why technology hasn’t saved us from inflation (but still can)

August 19, 2008

I have a piece in the Aug 11th issue of Newsweek International, but Newsweek’s website does such a poor job with magazine content that it’s practically unfindable (it’s actually on the seventh screen of this series of perspectives from economists and other experts). So here it is:

Unleash The World’s Engineers
Chris Anderson believes that the price-cutting power of technology can still bring nations relief if only bureaucrats will allow it to.

Technology can be a powerful deflationary force. Thanks to Moore’s Law (the remarkable ability of computer technology to double in power for the same price, or halve in price for the same power, every 18 months) if you want a 50 percent discount on an electronic gadget, just wait 18 months. Or turn a service into software, and it’s just a matter of time before it is free.

But technology has been unable to offset some of the crucial supply issues around energy and food, both of which are at the core of today’s inflationary quandary. Nuclear power was supposed to bring electricity too cheap to meter, but our electricity bills have never been higher. The green revolution was supposed to bring an endlessly bountiful harvest, making hunger a thing of the past, but we now have rice shortages and corn nearly tripled in price over the past year. And for all of our virtual connection via cell phones, video-conferencing and e-mail, we’ve increased our driving and flying to such an extent that we’ve outstripped global oil-production capacity, driving energy prices to all-time highs.

What happened? Were we wrong to think that technology would deliver us from rising prices? Well, yes, but it’s not technology’s fault. We mostly have ourselves to blame for standing in its way.

Why are agricultural yields not keeping up with population growth? In large part because the European Union essentially banned genetically modified crops both on its own soil and in imports, thus exporting its technology-blocking regulations to trade partners in Africa and elsewhere.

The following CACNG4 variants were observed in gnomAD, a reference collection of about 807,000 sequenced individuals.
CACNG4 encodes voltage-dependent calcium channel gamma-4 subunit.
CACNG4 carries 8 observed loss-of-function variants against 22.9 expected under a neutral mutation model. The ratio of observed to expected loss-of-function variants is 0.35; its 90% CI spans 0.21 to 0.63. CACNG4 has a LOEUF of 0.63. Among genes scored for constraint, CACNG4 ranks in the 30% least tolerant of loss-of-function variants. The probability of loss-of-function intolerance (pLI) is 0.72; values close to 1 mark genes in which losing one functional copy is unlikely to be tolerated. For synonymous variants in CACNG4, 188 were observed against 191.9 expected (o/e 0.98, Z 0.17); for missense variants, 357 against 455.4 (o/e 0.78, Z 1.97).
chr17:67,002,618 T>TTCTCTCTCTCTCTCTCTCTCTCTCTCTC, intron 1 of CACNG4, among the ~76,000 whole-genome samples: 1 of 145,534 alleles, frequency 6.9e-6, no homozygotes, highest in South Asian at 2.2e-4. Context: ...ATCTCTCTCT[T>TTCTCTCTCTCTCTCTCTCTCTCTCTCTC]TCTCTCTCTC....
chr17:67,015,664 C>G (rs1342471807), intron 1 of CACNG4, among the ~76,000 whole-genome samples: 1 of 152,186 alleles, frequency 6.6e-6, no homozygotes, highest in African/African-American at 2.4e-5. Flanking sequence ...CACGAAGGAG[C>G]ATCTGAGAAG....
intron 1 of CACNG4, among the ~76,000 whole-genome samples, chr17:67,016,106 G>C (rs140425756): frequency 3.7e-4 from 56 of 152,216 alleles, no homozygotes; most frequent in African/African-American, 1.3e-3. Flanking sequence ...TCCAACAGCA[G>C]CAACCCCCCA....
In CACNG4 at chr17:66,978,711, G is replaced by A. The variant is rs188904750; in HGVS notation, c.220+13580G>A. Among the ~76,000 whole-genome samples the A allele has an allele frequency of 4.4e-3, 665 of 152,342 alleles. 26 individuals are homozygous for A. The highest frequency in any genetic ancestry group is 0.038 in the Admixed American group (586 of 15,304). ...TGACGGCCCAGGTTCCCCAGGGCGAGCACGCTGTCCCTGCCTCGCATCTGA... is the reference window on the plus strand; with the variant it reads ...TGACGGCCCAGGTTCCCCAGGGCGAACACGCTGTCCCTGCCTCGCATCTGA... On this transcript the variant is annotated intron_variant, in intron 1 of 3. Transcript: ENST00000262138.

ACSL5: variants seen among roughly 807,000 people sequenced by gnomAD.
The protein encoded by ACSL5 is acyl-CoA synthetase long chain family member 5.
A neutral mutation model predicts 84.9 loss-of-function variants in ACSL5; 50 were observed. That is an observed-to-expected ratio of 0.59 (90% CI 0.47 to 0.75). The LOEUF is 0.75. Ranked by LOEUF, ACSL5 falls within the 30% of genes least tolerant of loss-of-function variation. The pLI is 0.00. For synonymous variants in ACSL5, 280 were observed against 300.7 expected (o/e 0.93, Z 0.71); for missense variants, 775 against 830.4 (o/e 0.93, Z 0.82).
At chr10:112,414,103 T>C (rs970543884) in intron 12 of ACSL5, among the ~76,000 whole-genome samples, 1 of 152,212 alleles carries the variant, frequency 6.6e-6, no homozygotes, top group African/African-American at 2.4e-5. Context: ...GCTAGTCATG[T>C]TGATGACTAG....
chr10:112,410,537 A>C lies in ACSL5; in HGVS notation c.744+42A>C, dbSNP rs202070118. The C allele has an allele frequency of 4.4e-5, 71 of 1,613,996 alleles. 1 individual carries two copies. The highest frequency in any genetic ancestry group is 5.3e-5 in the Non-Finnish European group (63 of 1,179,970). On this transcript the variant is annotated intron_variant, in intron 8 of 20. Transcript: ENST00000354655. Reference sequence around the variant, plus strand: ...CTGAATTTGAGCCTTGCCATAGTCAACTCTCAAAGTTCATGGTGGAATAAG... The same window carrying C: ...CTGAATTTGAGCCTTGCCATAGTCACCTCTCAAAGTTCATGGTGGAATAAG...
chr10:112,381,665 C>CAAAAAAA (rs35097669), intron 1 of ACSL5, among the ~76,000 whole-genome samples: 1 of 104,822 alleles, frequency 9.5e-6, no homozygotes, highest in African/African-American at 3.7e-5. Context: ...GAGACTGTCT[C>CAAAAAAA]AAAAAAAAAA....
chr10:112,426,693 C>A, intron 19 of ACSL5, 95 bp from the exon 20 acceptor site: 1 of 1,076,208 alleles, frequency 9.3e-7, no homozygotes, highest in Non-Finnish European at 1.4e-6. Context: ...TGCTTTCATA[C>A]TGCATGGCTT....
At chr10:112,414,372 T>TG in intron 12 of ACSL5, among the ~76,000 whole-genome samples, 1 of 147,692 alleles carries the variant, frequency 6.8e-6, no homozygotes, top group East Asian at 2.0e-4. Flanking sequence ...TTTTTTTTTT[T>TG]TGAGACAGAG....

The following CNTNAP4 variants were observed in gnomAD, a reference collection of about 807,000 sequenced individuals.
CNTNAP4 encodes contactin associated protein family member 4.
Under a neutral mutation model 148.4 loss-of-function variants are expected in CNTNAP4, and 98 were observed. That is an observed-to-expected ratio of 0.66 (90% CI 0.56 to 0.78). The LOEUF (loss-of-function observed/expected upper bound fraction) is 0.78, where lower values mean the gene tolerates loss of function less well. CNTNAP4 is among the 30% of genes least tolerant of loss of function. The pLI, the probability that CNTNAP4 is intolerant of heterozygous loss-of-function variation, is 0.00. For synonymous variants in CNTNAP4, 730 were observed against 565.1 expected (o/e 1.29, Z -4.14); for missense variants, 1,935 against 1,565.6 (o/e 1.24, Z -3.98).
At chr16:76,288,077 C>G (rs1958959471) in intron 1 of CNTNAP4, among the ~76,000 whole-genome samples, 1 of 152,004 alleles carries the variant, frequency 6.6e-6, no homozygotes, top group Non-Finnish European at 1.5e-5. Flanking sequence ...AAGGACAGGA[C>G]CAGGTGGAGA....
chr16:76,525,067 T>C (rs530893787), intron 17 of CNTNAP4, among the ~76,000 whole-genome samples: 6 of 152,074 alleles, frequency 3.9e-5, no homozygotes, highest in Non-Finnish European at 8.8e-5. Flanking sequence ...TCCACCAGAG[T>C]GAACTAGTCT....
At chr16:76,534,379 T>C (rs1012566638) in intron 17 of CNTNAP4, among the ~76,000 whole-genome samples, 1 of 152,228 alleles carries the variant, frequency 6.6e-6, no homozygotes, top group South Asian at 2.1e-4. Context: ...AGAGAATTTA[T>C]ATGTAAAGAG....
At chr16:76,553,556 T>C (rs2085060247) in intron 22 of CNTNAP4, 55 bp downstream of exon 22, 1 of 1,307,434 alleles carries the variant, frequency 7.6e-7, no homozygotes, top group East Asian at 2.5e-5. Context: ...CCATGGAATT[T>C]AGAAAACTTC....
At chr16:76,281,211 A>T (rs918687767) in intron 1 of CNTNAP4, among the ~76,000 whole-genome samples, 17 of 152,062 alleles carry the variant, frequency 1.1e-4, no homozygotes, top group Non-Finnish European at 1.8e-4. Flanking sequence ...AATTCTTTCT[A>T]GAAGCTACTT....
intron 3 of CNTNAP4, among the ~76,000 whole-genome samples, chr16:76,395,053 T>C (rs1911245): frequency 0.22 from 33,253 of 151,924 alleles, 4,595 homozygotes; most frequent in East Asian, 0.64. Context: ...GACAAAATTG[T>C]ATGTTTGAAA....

Another reason food is so expensive is that fertilizer prices are also near all-time highs. That’s because the feedstock for much fertilizer is natural gas, and we don’t have enough of that, either. Not because we can’t get it out of the ground using high-tech tools, but because we can’t get it where it’s needed. Of the last 53 applications to build liquefied natural gas (LNG) ports and processing facilities in the United States, 50 were denied because of objections from the communities near where they would be located. Meanwhile we haven’t built a natural-gas pipeline from Alaska in part because of similar environmental concerns.

The shortage of natural-gas-transportation infrastructure is also in part responsible for our high electricity prices, as is the multidecade virtual moratorium on new nuclear power plants after Three Mile Island. Meanwhile, policies putting high import tariffs on foreign ethanol (to protect American corn farmers) have raised the price of gas, while a refusal to follow California’s lead on car efficiency standards has allowed national gas demand to grow faster than supply.

All this said, I believe today’s inflation will ultimately speed the adoption of technologies that can fight it. The higher prices get in the atoms economy, where things get more expensive every year, the more incentive there is to move goods and services to the bits economy, where things get cheaper. How high will airfares have to get (think they’re high now? Just wait for new carbon taxes to kick in) before you invest in good videoconference gear and skip the flight altogether? How high will gas prices get before you decide to work a few more days a week from your fully wired home office, or skip the mall and shop online from home? The best way to lower energy prices is to cut demand.

In a world where seemingly everything is getting more expensive, the price of digital technology continues to fall and the differences between those two economies are growing. If getting rich was the incentive to go digital a decade ago, saving money may be an even stronger motivation this time. 


via The Long Tail by Chris Anderson on 8/17/08